Herman Melville was born in New York City in 1819. When his father died, he was forced to leave school and find work. After passing through some minor clerical jobs, the eighteen-year-old young man shipped out to sea, first on a short cargo trip, then, at twenty-one, on a three-year South Sea whaling venture. From the experiences accumulated on this voyage would come the material for his early books, Typee (1846) and Omoo (1847), as well as for such masterpieces as Moby-Dick (1851), Pierre (1852), The Piazza Tales (1856) and Billy Budd, Sailor, and Other Stories (posthumous, 1924).
Though the first two novels--popular romantic adventures--sold well, Melville's more serious writing failed to attract a large audience, perhaps because it attacked the current philosophy of transcendentalism and its espoused "self-reliance." (As he made clear in the savagely comic The Confidence Man (1857), Melville thought very little of Emersonian philosophy. He spent his later years working as a customs inspector on the New York docks, writing only poems comprising Battle-Pieces (1866). He died in 1891, leaving Billy Budd, Sailor, and Other Stories unpublished.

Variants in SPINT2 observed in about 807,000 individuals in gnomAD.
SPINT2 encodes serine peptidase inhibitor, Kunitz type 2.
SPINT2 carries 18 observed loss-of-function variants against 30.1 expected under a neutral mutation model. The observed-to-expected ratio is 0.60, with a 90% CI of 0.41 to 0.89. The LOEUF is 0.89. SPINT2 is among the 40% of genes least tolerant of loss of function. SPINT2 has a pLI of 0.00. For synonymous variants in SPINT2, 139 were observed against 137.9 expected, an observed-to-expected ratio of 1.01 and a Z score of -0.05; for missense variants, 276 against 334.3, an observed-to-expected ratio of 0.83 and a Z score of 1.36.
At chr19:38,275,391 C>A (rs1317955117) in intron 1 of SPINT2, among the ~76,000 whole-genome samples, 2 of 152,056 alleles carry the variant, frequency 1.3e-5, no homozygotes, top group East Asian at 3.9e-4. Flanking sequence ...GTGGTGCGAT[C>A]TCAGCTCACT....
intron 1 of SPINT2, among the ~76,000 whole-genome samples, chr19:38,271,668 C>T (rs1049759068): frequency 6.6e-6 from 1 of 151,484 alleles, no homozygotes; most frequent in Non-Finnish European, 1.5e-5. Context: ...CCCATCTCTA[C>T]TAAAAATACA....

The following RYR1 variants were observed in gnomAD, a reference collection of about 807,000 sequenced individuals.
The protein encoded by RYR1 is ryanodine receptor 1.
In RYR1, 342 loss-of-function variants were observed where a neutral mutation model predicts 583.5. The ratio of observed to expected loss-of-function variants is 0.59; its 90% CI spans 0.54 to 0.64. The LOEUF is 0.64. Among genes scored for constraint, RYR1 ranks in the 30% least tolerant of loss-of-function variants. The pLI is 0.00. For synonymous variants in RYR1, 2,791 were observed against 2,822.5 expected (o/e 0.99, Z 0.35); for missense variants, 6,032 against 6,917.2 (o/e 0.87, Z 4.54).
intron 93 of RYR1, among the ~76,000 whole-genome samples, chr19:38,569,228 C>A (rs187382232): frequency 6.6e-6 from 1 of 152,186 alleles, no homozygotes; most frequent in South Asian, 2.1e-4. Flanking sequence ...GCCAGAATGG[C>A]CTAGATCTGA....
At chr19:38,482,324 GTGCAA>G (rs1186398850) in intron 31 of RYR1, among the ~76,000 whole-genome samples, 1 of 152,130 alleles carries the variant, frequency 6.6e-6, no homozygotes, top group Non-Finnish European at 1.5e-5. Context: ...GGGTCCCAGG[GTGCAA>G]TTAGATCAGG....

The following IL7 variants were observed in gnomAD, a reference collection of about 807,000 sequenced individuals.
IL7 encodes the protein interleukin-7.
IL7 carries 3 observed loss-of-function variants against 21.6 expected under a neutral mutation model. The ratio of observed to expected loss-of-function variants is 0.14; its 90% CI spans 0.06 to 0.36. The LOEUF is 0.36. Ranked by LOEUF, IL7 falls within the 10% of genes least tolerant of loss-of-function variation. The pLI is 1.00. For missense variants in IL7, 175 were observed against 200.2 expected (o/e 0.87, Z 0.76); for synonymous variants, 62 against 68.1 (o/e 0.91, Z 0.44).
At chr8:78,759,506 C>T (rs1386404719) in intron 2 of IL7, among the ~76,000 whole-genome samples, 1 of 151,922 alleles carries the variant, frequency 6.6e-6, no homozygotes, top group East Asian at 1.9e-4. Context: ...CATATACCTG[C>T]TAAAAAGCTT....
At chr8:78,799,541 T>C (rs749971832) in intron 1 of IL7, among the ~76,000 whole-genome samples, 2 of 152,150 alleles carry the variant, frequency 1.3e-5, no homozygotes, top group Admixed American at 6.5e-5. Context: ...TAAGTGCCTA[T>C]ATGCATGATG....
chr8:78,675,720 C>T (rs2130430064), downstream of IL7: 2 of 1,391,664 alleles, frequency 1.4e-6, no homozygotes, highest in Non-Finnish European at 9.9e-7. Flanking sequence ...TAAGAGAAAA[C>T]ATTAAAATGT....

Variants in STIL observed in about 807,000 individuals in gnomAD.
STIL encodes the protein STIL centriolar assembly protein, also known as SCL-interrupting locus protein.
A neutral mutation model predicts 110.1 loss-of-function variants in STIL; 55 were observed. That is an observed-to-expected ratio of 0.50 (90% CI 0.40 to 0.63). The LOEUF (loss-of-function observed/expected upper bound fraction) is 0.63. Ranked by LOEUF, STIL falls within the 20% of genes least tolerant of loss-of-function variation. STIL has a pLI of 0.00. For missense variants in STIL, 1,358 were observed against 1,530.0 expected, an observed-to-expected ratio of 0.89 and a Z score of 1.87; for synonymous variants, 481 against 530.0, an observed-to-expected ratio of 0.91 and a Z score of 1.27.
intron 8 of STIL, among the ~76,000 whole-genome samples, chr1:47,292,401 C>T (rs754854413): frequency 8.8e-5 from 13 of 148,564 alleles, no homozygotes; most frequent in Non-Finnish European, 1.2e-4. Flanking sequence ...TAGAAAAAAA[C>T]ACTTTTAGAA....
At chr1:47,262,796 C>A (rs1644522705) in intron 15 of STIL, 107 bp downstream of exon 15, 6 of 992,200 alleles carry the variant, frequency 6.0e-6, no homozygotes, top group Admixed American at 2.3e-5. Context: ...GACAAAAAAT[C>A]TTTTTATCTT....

"We are, perhaps, after a century of literary wastelands, able to read not only a personal predicament but a general truth in Melville's blasted islands, bedevilled slave ships, misshapen houses, falling towers, ticking tables, ghastly factories, sickly cottages, and blank brick city walls. The appetite for truth is what gives Melville's narratives their persistent interest and, even under the spell of discouragement, their untoward verbal energy ... Like Billy Budd, Melville when a sailor on a man-of-war was a top-man, at home on the highest yards, enjoying the widest view ... Melville instinctively aspired to the grandest scale, and even in his shorter works offers vast inklings and the resonance of cosmic concerns.